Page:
Cardiac Arrest


What is cardiac arrest?


Cardiac arrest is the abrupt loss of heart function in a person who may or may not have been diagnosed with heart disease. It can come on suddenly, or in the wake of other symptoms. Cardiac arrest is often fatal, if appropriate steps aren’t taken immediately.


Each year in the United States, more than 350,000 cardiac arrests occur outside of a hospital setting.


Is a heart attack the same as cardiac arrest?


No. The term “heart attack” is often mistakenly used to describe cardiac arrest. While a heart attack may cause cardiac arrest, the two terms don’t mean the same thing.


Heart attacks are caused by a blockage that stops blood flow to the heart. A heart attack (or myocardial infarction) refers to death of heart muscle tissue due to the loss of blood supply. Heart attack can be understood as a “circulation” problem. A heart attack is quite serious, sometimes fatal.


By contrast, cardiac arrest is caused when the heart’s electrical system malfunctions. The heart stops beating properly. Hence the name: The heart’s pumping function is “arrested,” or stopped.


In cardiac arrest, death can result quickly if proper steps aren’t taken immediately. Cardiac arrest may be reversed if CPR (cardiopulmonary resuscitation) is performed and a defibrillator is used to shock the heart and restore a normal heart rhythm within a few minutes.


Cardiac arrest may be caused by irregular heart rhythms, called arrhythmias. A common arrhythmia associated with cardiac arrest is ventricular fibrillation. Ventricular fibrillation means that the heart’s lower chambers suddenly start beating chaotically and don’t pump blood.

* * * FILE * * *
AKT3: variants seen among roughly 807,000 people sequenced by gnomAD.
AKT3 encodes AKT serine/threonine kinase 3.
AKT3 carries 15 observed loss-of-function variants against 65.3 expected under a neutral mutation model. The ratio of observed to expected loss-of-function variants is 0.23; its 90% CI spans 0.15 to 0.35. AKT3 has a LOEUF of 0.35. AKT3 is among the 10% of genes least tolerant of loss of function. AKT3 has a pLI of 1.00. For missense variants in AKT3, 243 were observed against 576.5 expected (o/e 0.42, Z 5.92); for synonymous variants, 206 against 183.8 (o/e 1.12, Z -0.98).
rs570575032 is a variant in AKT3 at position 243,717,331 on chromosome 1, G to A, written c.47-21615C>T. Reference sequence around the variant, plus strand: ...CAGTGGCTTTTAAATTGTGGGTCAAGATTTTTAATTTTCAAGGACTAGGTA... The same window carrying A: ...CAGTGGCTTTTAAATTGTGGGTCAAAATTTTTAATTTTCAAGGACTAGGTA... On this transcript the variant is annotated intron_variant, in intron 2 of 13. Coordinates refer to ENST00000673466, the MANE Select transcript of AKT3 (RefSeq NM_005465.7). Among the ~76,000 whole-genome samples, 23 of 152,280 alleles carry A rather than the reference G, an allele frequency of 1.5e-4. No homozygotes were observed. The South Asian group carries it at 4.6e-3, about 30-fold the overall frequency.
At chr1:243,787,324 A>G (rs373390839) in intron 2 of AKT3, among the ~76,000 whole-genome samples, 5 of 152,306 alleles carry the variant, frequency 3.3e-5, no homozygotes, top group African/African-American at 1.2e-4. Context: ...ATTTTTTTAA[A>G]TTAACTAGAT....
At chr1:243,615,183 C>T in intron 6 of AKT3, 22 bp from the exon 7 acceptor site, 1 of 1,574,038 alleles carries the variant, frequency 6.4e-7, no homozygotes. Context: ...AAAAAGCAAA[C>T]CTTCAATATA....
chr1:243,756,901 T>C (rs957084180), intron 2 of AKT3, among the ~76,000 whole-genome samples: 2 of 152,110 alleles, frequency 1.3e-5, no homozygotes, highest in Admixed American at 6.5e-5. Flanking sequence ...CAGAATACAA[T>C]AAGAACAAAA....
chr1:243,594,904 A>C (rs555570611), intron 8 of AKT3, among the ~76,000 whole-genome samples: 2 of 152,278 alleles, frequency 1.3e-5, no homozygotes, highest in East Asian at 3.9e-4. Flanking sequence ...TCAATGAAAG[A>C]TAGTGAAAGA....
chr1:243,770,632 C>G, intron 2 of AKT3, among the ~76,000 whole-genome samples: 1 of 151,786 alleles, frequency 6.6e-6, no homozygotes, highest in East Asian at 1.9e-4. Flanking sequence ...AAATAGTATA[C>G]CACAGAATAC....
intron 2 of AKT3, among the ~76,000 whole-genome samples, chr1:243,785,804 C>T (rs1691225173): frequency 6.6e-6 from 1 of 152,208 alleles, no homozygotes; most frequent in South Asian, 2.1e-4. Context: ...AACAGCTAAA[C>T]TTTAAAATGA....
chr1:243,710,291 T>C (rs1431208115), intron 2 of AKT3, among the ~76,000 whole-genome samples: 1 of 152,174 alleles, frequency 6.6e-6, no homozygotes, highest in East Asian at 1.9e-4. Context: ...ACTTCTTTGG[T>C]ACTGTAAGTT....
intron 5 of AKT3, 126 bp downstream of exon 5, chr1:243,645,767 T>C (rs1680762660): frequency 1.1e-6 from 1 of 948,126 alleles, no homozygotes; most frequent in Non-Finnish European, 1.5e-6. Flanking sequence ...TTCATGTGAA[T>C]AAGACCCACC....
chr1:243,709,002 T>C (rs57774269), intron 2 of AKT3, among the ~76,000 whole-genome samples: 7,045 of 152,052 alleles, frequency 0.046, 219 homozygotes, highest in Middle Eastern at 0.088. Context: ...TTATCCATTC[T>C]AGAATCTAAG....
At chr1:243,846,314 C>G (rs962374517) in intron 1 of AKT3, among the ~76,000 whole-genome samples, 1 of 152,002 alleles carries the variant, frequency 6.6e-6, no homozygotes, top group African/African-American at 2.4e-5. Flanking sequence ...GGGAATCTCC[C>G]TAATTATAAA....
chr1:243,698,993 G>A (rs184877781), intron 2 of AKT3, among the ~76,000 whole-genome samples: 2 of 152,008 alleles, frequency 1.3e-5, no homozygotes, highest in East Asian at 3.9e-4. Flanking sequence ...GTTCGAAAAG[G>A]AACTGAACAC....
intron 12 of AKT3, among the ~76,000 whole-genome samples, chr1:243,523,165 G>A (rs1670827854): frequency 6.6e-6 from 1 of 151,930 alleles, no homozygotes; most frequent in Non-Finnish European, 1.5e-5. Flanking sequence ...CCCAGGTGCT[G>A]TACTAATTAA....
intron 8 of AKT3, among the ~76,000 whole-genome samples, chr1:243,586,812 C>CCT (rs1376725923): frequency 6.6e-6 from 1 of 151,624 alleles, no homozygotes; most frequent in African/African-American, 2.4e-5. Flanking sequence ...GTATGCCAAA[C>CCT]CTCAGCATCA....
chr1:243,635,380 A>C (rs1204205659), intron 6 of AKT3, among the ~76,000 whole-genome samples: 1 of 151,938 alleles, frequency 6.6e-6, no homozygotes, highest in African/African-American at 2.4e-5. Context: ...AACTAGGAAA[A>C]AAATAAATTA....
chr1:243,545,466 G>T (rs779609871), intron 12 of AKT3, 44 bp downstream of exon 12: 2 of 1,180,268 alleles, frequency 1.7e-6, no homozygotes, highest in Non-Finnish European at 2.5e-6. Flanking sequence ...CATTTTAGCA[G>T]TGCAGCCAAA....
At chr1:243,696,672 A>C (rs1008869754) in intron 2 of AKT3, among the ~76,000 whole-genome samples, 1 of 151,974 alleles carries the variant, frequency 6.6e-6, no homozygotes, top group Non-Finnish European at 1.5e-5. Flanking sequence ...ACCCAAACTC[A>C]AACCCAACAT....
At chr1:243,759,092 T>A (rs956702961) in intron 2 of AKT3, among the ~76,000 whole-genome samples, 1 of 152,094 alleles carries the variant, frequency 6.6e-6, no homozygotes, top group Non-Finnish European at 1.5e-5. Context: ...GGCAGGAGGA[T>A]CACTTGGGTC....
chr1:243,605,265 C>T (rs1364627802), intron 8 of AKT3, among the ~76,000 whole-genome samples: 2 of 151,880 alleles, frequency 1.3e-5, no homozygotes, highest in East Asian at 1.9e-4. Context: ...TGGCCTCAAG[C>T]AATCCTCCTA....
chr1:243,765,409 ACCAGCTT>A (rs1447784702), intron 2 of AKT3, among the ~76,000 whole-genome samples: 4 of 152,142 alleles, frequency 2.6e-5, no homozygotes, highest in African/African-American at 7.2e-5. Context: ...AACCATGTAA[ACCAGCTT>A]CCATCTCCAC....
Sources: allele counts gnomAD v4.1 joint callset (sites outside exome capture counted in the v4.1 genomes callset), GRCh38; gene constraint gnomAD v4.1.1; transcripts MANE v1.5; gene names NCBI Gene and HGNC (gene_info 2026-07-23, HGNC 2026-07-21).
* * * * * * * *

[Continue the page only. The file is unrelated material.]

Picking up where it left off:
Causes of Cardiac Arrest


Cardiac arrest may be caused by almost any known heart condition.


Most cardiac arrests occur when a diseased heart’s electrical system malfunctions. This malfunction causes an abnormal heart rhythm such as ventricular tachycardia or ventricular fibrillation. Some cardiac arrests are also caused by extreme slowing of the heart’s rhythm (bradycardia).


Irregular heartbeats such as these that can cause cardiac arrest should be considered life-threatening arrhythmias.


Other causes of cardiac arrest include:

  • Scarring of the heart tissue Such scarring may be the result of a prior heart attack or another cause. A heart that’s scarred or enlarged from any cause is prone to develop life-threatening ventricular arrhythmias. The first six months after a heart attack represents a particularly high-risk period for sudden cardiac arrest in patients with atherosclerotic heart disease.